Some of its usefulness. Probably the number of situations where getting angry and throwing a punch at another person was an ultimately effective response to an aversive social stimulus were more numerous some three hundred thousand years ago. We can be trained to discriminate between the appropriate and inappropriate times for the aggressive behavior characteristic of anger; we can learn to discern when anger itself is inappropriate and behave in such ways as to mitigate that state. But it's probably beyond the capability of most people to never get angry at all. Even the mythical Jesus blew his top in the episode with the money changers.

Freud and his ilk discovered that aggression needn't take the form of physical violence. We can throw insults when social training inhibits us from throwing stones at somebody who offends us. A police officer can put the screws to a motorist with an ALL COPS ARE PIGS bumper sticker by dragging out a traffic stop, asking the driver to step outside the car, demanding to search the trunk, and so on. Service industry workers have mastered the art of strategic incompetence as a means of exercising countercontrol against officious customers. In 2016, millions of Americans sublimated their anger at the government, the media, and contemptuous coastal elites by voting for Trump; in 2020, my pulling the lever for Biden was motivated solely by a wish to see Trump humiliated. And why not? It was fucking difficult to watch and listen to him and see anything other than a deranged boor who ought to be clapped in a pillory and pelted with rotten vegetables. Thinking of him as an organism shaped by his history, or to blame anybody (or anything) but him for the way he conducted himself as President, was almost too much to ask.

These emotional reactions to conditioned stimuli—many of them relational, such as when we read an editorial by some bonehead and identify the bonehead, not the immediate stimuli of computer screen or the words on it, as the cause of our displeasure—may guide us towards ascribing agency to human beings. We are coherence seekers; we experience some discomfiture ("cognitive dissonance") when we identify an inconsistency in our relational networks.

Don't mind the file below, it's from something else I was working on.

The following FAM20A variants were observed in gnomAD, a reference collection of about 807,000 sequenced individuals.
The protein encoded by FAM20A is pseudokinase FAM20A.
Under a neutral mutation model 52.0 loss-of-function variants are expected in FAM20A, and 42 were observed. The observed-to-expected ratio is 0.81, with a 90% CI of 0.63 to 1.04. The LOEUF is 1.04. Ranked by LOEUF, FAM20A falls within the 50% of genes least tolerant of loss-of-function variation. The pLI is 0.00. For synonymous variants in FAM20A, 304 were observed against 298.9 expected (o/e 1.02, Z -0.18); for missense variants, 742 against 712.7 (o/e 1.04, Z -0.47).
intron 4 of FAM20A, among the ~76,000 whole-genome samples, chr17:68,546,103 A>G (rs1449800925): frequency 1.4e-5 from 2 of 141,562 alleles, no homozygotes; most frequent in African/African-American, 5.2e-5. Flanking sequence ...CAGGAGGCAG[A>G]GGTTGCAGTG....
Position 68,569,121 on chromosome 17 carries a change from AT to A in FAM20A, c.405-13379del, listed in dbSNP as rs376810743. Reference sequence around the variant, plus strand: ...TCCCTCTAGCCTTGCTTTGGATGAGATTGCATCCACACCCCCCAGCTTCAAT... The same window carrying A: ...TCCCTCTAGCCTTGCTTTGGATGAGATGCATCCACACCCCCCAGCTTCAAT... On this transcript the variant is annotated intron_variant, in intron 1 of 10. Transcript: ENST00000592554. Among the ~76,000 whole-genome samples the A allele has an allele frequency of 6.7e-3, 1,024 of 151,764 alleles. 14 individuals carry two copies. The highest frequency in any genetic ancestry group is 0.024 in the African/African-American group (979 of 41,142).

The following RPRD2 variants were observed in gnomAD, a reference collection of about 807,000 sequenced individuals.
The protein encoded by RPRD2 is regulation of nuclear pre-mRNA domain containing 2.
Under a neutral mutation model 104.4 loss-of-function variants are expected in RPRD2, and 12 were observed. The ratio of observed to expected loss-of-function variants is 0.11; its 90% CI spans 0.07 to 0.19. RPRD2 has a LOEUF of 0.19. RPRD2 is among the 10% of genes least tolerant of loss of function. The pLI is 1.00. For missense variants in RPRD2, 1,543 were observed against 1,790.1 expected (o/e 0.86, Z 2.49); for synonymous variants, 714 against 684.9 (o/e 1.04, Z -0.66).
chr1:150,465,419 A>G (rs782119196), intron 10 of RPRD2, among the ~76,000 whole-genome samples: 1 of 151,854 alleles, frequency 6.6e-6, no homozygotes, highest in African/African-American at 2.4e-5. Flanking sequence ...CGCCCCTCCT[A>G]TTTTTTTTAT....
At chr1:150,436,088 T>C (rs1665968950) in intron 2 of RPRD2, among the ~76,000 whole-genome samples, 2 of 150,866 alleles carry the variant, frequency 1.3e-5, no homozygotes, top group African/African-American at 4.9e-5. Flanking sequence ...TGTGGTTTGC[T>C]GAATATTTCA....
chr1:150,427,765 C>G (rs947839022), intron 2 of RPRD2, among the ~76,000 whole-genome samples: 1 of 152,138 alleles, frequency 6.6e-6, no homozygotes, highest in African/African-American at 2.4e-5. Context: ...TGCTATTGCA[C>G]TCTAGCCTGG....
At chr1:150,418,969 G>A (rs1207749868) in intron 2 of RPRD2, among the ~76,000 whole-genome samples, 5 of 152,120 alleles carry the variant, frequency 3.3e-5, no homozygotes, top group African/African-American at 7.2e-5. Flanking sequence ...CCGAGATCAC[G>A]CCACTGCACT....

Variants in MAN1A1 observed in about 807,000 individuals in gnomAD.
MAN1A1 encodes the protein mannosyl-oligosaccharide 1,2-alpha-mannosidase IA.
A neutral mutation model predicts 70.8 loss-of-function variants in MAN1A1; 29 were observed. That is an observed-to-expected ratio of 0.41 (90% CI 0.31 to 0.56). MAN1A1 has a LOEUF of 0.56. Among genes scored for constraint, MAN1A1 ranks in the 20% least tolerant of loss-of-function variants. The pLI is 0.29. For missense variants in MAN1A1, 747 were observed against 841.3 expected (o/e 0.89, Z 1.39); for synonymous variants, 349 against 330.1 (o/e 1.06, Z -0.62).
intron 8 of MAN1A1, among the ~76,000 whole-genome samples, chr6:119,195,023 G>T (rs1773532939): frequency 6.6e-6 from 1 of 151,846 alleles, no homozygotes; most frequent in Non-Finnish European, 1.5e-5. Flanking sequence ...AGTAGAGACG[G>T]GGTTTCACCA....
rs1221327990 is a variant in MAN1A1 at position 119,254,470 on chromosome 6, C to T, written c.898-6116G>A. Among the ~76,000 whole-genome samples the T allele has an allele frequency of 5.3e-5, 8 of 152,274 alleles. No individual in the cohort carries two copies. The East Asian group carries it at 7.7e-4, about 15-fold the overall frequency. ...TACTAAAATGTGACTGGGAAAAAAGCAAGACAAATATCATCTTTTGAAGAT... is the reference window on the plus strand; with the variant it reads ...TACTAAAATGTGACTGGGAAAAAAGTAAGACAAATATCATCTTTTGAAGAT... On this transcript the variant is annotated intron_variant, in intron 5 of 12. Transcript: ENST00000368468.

I could justify flying off the handle and saying awful things to a woman if she deserved it (and even then, really, I'd have a pretty flimsy case), but deservingness in this sense implies agency. If the actions for which I'm attacking her were contingent on anything but her choice as an autonomous agent, her responsibility seems to diminish in proportion to the number and character of determining variables. If she acts with complete freedom, my outrage is righteous—how dare she! But as I register more and more of the factors that nudged and guided her behavior, and realize that attacking her isn't going to do anything to improve my position in the present state of affairs, it begins to dawn on me that I'm just a petulant man-child throwing a useless hissy fit. Oh: that's how she dares.

The first interpretation and the world-picture that supports it are much easier to live with.

Criminal justice gives us more pertinent examples. A man breaks into a popular shop owned and operated by a beloved member of the community; in doing so, he shoots the owner in the kneecap. The man may never walk unaided again. After his apprehension and during his trial, we find that the robber was raised by cruel, physically abusive parents in a blighted neighborhood, stopped going to school before he turned eight, ran away as a teenager, got addicted to heroin, and robbed the shop because he needed cash for drugs. A recording of the robbery shows the assailant calling the owner (who happens to be gay) any number of vicious homophobic slurs.

As it currently functions, the criminal justice system in this country is less interested in reform than providing public gratification by punishing targetable objects of public anger. The ascription of agency to our culprit is a way to justify punitive measures that leave little hope for redemption: lock him in a cage with other violent criminals for forty years, deny him pleasure, isolate him from the outside world, and release him with no prospects for a stable or productive life. It's what he deserves.

It's a relatable feeling. But how can we expect responsibility from somebody who never learned to be responsible, empathy from somebody who was never taught to empathize, and good behavior from somebody who was consistently reinforced for lying, cheating, stealing, and acting aggressively towards others?